>>> 2022-12-11 over the horizon radar pt III
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Most OTH radar have faded into obscurity since the end of their era of relevance (something we will get to in the chronology soon). One, though, looms above all the others. This is mostly a figurative expression, but it's also literally true to some degree, as it's a pretty tall one. I am referring of course to Duga, or as some might know it, the brain scorcher.
As I have previously mentioned, development of OTH radar proceeded in the USSR more or less in synchronization to developments on this side of the iron curtain. It's a bit difficult to nail down the Soviet history exactly due to a combination of lingering Cold War secrecy and the language barrier, but it appears that the USSR may have developed their first functional OTH radar somewhat before the US, at least as a pilot project. Soviet OTH radar did not become well known to the western world, though, until the commissioning of their first full-scale ballistic missile surveillance radar in 1972. This would become known as Duga-1.
To discuss Duga we first need to return briefly to the fundamentals of radar. A monostatic radar system transmits and receives at the same site, observing for reflections. A bistatic radar system transmits and receives from separate sites. The earliest bistatic radar systems, and many later on, actually looked less for reflections than variations in the signal received directly from the transmit site. We can understand this concept by considering the simplest possible type of bistatic radar: if you transmit a signal at one antenna, and receive it at another, than any reduction in the strength of the received signal might indicate the presence of an object in between.
This naive scheme is actually surprisingly practical and sees real use mostly in intrusion-detection applications, where microwave or millimeter wave radar acts as an RF analog to a laser or infrared beam gate---which has the advantage of being more tolerant of rain and fog. A notable example is the AN/TPS-39 microwave perimeter protection radar used to protect the entrance points to Atlas missile silos, but a similar system (made both more reliable and more compact by digital technology) is sometimes used today, particularly around the perimeters of prisons.
Bistatic radar can also be appreciably more complex. For example, the "Pinetree Line" radar system deployed across southern Canada for detection of Soviet bombers employed the simple bistatic radar principle enhanced with the use of Doppler detection. If you imagine the field between a radar transmitter pointed at a remote radar receiver, you might realize that objects not exactly between the antennas, but near the line between them, might reflect RF radiation at a glancing angle and cause a return to the receiver delayed by the angle distance between the object and the two sites. The Pinetree line exploited this effect as well, allowing it to detect aircraft before they reached the line proper.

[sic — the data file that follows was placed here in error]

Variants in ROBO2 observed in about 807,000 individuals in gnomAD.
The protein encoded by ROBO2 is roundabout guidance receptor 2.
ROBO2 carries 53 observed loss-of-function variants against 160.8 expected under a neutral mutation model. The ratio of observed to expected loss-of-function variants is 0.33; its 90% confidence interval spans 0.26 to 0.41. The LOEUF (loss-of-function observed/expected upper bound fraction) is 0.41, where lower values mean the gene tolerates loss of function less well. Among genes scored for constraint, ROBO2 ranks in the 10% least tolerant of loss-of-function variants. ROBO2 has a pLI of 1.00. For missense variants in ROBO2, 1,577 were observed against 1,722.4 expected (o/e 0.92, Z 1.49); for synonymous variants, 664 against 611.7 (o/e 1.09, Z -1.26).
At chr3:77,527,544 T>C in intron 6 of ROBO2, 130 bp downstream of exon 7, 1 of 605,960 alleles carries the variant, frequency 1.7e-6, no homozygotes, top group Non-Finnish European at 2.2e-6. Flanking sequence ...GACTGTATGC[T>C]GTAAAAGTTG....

At the extreme, a bistatic radar system detecting objects not directly between the sites appears more like a monostatic system, and the separation of the transmit and receive sites becomes more a detail of the antenna construction than the operating principle of the radar. This blurring of the line between monostatic and bistatic radar is apparent in OTH radar, very much as a design detail of the antennas.
There is a general challenge in radio: transmit and receive can be difficult functions to combine. There are several reasons for this. Considering the practicalities of antenna design, different antennas are sometimes more optimal for transit vs. receive. Moreover, it is very difficult to receive at the same time as transmitting, because the transmit power will easily overwhelm the front-end filtering of the receiver causing extremely poor reception, if not outright damage (this is the basic reason most conventional radio applications are "half duplex," where you cannot hear when you are talking).
For radar, this problem is typically addressed by transmitting a pulse and then switching to receive operation immediately afterwards. The same problem rears its head again when considering the relationship between range and pulse repetition frequency. When a radar detects an object 1500km away (slant range for simplicity), it takes about 0.01s for the RF pulse to make the round trip. This means that if the radar is avoiding duplex operation, it can transmit pulses a maximum of 100 times per second. In reality the problem is much worse, because of the need for buffer time past the longest desired range and more significantly the time required to switch between transmit and receive, which in the case of radar was typically being done by "RF contactors..." huge relays designed to tolerate RF power .